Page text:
Often teachers fall back on the direct method when teaching beginner students, as it is difficult to engage them communicatively when they speak little or no English at all.
Well, think again! Beginner students can be engaged with such simple tools as photographs and cellphones, which teachers often struggle to tear students away from.
This blog will explore communicative activities for teaching beginners in immersion programs and give you step by step guide to implement these activities in the classroom!
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1- A Picture Can Tell a Thousand Words
This activity is perfect for students in immersion programs because tourism is one of the reasons people study English abroad.
It also helps students develop a community with their classmates to exchange information on fun things to do in the city.
- For homework, ask students to take three pictures showing what they did after school.
- The next day students have to tell a story using the past tense, talking about what they did the day before while showing the pictures on their phones to their fellow classmates.
- This activity can take about 5-10 minutes as a great warm-up.
Google that City!
This activity is also perfect for immersion programs where there are students from different nations.
- Pair students from different countries. Have them ask each other where they are from.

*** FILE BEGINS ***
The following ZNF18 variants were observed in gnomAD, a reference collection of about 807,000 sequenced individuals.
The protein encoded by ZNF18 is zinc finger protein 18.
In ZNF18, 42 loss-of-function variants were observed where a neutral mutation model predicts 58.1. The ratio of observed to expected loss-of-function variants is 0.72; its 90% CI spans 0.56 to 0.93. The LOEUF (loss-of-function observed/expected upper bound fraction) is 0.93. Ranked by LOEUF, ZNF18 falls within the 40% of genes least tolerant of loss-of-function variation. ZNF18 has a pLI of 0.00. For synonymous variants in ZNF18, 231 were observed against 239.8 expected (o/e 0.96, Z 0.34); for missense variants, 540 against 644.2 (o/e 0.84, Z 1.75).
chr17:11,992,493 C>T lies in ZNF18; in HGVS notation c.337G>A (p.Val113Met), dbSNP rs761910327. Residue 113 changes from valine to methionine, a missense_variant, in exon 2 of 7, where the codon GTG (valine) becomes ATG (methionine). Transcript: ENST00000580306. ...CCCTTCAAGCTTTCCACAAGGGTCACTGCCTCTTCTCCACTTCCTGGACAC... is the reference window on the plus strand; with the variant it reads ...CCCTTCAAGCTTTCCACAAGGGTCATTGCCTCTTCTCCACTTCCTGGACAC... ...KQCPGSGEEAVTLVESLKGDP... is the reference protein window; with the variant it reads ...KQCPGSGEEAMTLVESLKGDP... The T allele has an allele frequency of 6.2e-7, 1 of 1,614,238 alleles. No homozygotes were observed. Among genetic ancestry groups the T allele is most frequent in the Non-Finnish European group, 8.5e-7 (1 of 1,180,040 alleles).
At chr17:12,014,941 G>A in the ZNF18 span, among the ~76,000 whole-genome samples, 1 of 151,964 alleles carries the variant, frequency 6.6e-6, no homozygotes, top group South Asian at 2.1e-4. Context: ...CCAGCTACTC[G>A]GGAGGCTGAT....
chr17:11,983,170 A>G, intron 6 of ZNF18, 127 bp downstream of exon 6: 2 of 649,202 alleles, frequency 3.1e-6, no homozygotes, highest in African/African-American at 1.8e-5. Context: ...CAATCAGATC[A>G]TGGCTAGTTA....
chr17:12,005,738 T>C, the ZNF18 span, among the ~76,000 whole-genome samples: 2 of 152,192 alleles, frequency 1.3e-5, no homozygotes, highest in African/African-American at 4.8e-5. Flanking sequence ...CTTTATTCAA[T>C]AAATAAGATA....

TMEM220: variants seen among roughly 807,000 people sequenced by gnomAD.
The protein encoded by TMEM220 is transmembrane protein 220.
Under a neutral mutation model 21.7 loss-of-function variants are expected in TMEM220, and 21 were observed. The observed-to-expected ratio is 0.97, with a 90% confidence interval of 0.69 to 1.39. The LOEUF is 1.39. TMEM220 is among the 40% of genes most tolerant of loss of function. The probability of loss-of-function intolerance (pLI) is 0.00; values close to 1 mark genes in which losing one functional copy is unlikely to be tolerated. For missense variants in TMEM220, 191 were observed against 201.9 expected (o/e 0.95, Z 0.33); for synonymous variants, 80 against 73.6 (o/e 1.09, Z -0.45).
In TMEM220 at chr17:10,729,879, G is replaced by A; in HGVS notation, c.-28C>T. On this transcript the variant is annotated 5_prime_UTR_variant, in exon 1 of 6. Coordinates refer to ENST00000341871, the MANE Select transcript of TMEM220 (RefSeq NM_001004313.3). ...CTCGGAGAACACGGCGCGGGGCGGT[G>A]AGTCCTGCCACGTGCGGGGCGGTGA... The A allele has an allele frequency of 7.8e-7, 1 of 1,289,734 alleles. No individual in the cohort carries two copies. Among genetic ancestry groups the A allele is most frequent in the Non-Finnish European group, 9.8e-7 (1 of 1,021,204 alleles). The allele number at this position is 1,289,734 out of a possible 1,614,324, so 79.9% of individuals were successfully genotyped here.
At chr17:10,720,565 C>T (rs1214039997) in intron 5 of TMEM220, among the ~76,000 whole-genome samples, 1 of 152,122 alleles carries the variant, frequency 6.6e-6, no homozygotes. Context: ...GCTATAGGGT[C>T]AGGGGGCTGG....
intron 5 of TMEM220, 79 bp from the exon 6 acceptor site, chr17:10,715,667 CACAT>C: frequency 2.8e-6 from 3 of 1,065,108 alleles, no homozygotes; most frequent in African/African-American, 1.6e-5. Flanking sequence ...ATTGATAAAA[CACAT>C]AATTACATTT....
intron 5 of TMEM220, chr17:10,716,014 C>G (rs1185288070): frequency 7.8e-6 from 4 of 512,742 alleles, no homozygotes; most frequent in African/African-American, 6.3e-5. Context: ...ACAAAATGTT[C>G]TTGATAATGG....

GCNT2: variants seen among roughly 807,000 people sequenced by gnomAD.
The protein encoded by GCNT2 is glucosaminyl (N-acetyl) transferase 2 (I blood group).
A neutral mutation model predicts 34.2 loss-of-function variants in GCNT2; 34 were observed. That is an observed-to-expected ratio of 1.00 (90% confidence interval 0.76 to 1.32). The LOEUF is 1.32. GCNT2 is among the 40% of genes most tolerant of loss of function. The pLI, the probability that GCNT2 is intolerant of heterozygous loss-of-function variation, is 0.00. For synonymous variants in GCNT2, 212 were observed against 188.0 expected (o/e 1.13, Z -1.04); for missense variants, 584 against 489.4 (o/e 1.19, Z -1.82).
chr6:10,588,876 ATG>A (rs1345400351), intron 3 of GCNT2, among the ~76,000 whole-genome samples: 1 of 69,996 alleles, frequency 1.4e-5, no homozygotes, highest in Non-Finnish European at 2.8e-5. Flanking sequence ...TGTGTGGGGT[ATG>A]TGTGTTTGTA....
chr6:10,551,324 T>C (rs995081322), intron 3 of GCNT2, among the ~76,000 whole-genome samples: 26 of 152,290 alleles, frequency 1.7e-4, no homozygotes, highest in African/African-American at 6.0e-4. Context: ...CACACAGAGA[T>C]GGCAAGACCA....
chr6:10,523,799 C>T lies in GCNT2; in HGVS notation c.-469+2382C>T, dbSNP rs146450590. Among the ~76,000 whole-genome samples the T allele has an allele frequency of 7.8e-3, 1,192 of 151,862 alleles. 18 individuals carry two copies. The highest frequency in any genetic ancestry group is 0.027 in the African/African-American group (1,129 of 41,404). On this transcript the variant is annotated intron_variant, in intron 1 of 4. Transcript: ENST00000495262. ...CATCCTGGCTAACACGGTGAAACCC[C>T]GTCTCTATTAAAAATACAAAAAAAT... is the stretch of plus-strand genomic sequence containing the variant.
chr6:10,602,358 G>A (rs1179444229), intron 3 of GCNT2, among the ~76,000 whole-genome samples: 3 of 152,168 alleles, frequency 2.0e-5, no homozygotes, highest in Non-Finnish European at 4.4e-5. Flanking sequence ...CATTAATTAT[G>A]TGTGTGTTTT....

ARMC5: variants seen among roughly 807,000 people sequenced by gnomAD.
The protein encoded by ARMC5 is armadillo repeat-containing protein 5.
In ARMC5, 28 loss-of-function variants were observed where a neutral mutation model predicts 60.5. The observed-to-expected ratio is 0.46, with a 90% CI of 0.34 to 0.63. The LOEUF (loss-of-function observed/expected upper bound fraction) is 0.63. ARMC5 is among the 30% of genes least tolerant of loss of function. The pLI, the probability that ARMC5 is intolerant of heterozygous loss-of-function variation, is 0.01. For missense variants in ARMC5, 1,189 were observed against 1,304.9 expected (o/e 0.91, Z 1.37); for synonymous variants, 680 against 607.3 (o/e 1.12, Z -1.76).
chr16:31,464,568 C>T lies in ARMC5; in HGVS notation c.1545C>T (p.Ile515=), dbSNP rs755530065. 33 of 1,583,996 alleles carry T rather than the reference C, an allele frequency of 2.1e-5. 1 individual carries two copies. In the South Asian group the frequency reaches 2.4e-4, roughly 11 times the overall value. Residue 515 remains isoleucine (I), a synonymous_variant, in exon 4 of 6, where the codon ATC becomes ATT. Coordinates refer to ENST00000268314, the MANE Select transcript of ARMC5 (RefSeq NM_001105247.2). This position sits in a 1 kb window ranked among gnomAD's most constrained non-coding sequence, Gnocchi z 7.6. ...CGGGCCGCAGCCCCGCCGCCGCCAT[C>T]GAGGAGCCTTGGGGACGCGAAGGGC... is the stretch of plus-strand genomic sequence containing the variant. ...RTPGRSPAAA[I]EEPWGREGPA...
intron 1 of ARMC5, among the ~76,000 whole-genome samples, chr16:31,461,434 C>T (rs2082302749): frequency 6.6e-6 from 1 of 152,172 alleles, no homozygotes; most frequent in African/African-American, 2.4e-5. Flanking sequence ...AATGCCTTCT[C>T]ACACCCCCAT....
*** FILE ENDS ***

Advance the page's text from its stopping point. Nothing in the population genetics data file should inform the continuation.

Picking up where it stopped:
- Ask students to use Google to search the city where their partner is from and come up with 3 activities and one type of food to eat in that city. Write these instructions on the board and elicit the question to ask Google from the students before they start.
- Students spend 15-20 minutes researching and putting together a presentation about what there is to eat and to do in the city they searched.
Note: if you do not have a very diverse classroom, you can choose the cities for them.
Best or Worst Day Ever!
Although this doesn’t use technology, it is a great activity for using simple past. This works really well with immersion students because it is very meaningful to their experience:
- Write the following adjectives on the board: best, worst, old, surprised, hot, tired, dirty, cold, angry, beautiful, ugly, funny, clean, hungry.
- Pre-teach any words students don’t know.
- Have students practice making 1-3 sentences with each adjective.
- Instruct students to reflect on their worst or best day so far living in their new country or otherwise just in general for a few minutes.
- Ask them to write a story about the day using the above adjectives using simple past. They can also add new words to their story that are not on the board.
- Students have to present their worst or best day to the class.